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you might have it right, i don't have a pic of mine but you might want to try it for a week. you are right, i can't really tell if your problem is just the comp needing to adjust or the timing being off. the reason i ask about the dist position is that if your timing is off, you will need to advance the dist. almost all the way to read 15* on the crank pully. hit your car with a timing light, thats where you will find your answer. if the dist. is in the middle, and reading 15* then you timing is correct. if not you have a mech. timing issue still.
 

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TRUSE-R said:
Isn't it supposed to be 21 links (2 pins within a link, correct) & 20 pins? People have stated to count the pins (20) and not the links 21 as shown on the JWT instructions. Currently I have it with 21 pins! When you say to try it @ 19 pins...so I move the intake or exhaust cam???? The distributor is in the middle! You guys have been a great help.... All info is greatly appreciated.
Thanks,
KEN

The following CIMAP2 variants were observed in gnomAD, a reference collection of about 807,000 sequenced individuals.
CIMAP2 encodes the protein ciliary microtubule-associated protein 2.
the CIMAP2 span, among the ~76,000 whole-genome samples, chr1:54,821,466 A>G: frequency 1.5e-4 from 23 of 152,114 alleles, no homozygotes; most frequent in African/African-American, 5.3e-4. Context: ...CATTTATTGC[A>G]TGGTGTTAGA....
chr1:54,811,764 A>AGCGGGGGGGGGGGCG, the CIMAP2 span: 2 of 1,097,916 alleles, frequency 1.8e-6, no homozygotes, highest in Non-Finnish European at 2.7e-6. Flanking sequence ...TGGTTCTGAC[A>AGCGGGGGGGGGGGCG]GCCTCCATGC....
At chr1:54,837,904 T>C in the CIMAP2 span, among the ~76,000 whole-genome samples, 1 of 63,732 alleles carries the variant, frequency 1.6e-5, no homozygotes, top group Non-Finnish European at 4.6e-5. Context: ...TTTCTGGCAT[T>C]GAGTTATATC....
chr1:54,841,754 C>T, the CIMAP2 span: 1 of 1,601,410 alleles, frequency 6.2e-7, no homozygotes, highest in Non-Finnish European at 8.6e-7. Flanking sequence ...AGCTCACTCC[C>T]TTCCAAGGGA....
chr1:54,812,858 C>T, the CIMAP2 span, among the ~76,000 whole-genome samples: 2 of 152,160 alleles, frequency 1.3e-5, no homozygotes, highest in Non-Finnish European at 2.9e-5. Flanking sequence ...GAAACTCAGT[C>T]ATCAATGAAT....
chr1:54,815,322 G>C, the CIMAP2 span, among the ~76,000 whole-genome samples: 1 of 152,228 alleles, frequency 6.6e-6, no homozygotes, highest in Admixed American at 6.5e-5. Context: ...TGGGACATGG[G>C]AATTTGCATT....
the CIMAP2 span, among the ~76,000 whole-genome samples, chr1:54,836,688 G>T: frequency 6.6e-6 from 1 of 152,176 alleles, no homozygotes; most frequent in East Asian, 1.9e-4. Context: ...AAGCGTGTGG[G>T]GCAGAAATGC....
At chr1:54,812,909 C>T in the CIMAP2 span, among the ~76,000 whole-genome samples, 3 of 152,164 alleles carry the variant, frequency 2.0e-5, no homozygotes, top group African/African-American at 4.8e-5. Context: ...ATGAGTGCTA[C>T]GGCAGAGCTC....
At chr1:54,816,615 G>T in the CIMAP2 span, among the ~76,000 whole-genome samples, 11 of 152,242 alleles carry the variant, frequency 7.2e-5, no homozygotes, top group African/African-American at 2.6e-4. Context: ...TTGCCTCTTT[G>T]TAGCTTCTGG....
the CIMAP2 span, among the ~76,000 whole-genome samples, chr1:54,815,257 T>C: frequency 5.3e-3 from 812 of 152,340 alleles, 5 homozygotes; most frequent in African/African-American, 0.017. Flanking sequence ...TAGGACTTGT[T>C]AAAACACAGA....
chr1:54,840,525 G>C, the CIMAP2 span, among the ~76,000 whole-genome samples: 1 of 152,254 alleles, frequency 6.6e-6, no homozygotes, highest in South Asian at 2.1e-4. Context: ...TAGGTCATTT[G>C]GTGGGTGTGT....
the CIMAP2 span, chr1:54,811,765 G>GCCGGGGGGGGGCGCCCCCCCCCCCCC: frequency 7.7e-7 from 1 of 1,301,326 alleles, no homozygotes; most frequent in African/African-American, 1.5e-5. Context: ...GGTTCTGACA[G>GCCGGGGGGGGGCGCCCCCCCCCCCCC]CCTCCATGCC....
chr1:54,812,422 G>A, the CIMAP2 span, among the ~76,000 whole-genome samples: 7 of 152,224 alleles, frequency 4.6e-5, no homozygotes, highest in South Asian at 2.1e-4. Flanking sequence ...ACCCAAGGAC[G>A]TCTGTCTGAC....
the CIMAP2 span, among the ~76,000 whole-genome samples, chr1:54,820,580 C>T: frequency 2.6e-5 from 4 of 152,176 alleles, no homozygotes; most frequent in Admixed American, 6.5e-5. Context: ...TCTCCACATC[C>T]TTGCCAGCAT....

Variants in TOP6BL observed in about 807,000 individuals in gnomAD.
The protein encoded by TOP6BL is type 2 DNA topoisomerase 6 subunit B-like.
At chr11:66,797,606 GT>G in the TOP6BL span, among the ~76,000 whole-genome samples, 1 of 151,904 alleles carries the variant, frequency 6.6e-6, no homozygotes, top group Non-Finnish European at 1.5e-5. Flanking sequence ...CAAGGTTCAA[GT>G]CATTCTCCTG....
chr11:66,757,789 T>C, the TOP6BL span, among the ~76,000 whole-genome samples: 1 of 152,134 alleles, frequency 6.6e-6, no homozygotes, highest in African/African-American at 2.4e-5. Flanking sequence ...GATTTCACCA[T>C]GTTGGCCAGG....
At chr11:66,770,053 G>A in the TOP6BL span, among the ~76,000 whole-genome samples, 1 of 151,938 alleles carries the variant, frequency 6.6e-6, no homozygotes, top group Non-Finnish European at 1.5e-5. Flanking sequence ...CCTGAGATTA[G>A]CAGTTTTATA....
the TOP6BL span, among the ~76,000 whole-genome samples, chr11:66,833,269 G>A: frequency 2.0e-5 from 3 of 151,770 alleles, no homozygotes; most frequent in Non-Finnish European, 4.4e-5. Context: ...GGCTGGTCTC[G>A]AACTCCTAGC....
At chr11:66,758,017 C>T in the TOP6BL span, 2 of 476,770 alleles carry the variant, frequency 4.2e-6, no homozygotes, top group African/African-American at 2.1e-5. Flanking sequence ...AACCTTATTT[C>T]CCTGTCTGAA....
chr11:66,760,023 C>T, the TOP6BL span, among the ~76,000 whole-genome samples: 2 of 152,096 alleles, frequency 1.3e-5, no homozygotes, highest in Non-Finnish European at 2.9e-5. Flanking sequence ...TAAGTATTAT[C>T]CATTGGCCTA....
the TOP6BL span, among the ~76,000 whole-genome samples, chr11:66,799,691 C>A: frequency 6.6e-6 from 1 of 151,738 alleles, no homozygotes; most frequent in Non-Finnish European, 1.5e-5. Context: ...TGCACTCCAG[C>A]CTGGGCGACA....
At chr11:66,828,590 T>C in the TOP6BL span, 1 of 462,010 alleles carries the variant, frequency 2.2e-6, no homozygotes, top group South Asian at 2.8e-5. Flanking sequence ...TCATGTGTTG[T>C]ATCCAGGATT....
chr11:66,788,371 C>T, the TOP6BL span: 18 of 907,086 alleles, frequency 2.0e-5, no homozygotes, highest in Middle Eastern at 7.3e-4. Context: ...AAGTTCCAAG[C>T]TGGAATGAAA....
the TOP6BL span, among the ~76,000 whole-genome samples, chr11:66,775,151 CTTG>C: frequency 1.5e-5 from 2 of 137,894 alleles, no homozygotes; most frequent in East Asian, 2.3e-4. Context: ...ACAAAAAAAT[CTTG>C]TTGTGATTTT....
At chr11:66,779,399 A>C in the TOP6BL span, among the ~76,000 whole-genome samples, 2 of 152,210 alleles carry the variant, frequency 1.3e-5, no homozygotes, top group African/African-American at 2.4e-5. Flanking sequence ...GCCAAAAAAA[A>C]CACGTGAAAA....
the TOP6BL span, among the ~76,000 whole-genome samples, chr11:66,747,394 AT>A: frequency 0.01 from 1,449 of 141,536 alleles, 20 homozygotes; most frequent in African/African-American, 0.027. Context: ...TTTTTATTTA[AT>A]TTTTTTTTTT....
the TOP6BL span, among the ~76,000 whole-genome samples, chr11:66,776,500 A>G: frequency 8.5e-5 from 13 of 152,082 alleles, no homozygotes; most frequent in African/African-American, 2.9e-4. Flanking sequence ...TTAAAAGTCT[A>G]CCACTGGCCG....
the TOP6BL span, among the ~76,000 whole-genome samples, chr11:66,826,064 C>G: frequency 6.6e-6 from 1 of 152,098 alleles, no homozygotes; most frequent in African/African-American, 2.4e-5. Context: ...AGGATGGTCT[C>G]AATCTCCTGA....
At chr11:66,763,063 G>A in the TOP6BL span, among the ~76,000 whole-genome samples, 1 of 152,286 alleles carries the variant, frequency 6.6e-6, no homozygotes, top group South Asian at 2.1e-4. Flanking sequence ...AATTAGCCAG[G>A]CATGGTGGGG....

by the timing i meant the ignition timing set by the distributor. you should really verify that it is correct, not just assume it is. and as far as the links go, the mark on the intake cam sprocket should be on the 20th space inbetween the pins over from the exhaust cam. so if you were to mave the chain 1 link at a time 20 times, that is where the intake cam sprocket should be in relation to the exhaust cam sprocket. i really wouldn't just move one cam at a time unless you have a real good idea of what you are doing (not trying doubt your skills or anything, it is just easy to make mistakes here). i would do them both over again, starting with the exhaust cam and pulling up all the tension from it again, and making sure that when you put the chain on it that the dowl pin is at 12 oclock.